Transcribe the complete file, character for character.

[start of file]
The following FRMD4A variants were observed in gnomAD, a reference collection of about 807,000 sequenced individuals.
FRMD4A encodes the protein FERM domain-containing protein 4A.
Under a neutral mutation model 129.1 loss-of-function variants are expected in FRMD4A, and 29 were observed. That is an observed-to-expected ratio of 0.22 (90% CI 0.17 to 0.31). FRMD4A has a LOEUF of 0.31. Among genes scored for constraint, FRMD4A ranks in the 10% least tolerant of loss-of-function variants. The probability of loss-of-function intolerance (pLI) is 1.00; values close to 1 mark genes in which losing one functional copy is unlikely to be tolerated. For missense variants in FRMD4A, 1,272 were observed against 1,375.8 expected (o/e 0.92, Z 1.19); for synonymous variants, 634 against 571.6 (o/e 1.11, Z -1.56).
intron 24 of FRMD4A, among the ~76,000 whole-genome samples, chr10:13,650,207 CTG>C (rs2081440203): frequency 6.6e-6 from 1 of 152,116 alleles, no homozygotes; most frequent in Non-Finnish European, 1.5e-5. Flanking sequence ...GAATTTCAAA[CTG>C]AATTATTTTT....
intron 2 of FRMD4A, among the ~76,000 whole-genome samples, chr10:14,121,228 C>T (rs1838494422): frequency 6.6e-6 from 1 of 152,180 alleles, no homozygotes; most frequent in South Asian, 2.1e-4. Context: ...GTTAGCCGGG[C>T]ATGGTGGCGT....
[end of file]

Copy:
The following FRMD4A variants were observed in gnomAD, a reference collection of about 807,000 sequenced individuals.
FRMD4A encodes the protein FERM domain-containing protein 4A.
Under a neutral mutation model 129.1 loss-of-function variants are expected in FRMD4A, and 29 were observed. That is an observed-to-expected ratio of 0.22 (90% CI 0.17 to 0.31). FRMD4A has a LOEUF of 0.31. Among genes scored for constraint, FRMD4A ranks in the 10% least tolerant of loss-of-function variants. The probability of loss-of-function intolerance (pLI) is 1.00; values close to 1 mark genes in which losing one functional copy is unlikely to be tolerated. For missense variants in FRMD4A, 1,272 were observed against 1,375.8 expected (o/e 0.92, Z 1.19); for synonymous variants, 634 against 571.6 (o/e 1.11, Z -1.56).
intron 24 of FRMD4A, among the ~76,000 whole-genome samples, chr10:13,650,207 CTG>C (rs2081440203): frequency 6.6e-6 from 1 of 152,116 alleles, no homozygotes; most frequent in Non-Finnish European, 1.5e-5. Flanking sequence ...GAATTTCAAA[CTG>C]AATTATTTTT....
intron 2 of FRMD4A, among the ~76,000 whole-genome samples, chr10:14,121,228 C>T (rs1838494422): frequency 6.6e-6 from 1 of 152,180 alleles, no homozygotes; most frequent in South Asian, 2.1e-4. Context: ...GTTAGCCGGG[C>T]ATGGTGGCGT....